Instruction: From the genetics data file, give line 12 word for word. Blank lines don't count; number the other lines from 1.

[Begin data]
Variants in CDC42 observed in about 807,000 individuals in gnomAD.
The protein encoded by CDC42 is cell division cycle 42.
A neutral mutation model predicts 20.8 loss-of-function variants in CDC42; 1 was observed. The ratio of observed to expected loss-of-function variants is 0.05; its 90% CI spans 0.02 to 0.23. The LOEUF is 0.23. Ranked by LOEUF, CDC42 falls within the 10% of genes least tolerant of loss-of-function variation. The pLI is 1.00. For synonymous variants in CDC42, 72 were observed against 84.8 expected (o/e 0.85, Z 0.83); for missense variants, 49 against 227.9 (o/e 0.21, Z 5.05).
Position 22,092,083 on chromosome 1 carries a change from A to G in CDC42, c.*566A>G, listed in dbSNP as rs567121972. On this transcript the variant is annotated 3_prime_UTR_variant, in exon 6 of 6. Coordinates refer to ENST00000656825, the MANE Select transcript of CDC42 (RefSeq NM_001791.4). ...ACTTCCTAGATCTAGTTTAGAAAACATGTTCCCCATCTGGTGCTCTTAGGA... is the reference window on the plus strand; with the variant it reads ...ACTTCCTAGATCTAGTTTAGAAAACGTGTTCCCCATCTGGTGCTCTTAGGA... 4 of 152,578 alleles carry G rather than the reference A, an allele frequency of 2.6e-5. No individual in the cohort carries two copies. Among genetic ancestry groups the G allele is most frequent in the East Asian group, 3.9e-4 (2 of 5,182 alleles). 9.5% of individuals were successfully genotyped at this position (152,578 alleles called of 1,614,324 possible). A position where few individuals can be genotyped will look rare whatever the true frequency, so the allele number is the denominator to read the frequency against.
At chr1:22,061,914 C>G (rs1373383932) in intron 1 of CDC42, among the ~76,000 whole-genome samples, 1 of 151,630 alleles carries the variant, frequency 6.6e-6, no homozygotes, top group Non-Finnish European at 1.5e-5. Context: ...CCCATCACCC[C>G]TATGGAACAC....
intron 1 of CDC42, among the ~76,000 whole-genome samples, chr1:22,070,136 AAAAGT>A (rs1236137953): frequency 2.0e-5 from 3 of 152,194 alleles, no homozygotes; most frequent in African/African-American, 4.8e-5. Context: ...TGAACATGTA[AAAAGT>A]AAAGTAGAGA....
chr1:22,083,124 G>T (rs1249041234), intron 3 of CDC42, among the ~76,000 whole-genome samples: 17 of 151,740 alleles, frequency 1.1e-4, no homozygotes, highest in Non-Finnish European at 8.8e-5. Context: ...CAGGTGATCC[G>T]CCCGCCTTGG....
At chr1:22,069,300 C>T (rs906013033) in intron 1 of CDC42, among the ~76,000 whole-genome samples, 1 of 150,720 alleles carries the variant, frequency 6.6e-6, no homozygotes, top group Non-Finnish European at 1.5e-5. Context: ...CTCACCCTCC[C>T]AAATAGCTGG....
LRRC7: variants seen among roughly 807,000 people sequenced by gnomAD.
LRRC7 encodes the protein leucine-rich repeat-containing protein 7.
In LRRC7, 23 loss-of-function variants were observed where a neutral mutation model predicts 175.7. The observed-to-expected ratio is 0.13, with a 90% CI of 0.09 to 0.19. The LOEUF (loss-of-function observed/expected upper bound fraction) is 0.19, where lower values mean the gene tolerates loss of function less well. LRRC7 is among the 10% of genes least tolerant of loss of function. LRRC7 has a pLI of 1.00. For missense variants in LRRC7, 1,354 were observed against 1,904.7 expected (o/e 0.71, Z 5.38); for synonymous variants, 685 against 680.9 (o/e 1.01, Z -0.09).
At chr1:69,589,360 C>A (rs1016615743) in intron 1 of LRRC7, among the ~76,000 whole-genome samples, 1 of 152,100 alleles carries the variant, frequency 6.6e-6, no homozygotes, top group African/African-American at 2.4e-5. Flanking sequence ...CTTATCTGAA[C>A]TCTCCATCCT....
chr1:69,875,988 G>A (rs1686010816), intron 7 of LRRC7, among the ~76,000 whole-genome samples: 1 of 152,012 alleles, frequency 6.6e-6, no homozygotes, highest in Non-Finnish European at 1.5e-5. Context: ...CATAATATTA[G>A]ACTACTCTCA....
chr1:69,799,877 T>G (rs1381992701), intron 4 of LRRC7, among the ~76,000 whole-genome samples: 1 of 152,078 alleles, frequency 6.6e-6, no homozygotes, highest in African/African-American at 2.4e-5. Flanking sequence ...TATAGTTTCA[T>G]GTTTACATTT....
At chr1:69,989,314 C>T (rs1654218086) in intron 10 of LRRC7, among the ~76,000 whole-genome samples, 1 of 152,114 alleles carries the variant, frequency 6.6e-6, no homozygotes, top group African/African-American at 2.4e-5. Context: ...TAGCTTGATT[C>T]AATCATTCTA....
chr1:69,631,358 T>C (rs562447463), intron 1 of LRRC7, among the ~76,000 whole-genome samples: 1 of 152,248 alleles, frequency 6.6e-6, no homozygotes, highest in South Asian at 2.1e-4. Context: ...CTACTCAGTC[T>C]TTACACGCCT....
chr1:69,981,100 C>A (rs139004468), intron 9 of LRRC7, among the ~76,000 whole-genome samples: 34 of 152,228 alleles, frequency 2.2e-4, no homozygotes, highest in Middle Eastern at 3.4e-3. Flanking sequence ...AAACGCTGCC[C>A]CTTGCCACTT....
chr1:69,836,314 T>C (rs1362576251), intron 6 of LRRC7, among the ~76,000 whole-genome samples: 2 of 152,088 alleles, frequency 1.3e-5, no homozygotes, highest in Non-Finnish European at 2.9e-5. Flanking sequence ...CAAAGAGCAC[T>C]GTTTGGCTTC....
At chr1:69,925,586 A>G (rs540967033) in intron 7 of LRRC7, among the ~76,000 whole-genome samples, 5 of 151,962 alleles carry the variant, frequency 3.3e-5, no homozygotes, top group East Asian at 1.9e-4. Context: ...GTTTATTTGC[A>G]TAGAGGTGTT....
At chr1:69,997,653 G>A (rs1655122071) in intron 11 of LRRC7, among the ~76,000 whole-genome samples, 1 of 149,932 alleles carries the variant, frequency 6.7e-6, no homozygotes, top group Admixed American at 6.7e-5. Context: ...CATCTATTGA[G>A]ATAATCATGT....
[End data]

At chr1:69,589,360 C>A (rs1016615743) in intron 1 of LRRC7, among the ~76,000 whole-genome samples, 1 of 152,100 alleles carries the variant, frequency 6.6e-6, no homozygotes, top group African/African-American at 2.4e-5. Flanking sequence ...CTTATCTGAA[C>A]TCTCCATCCT....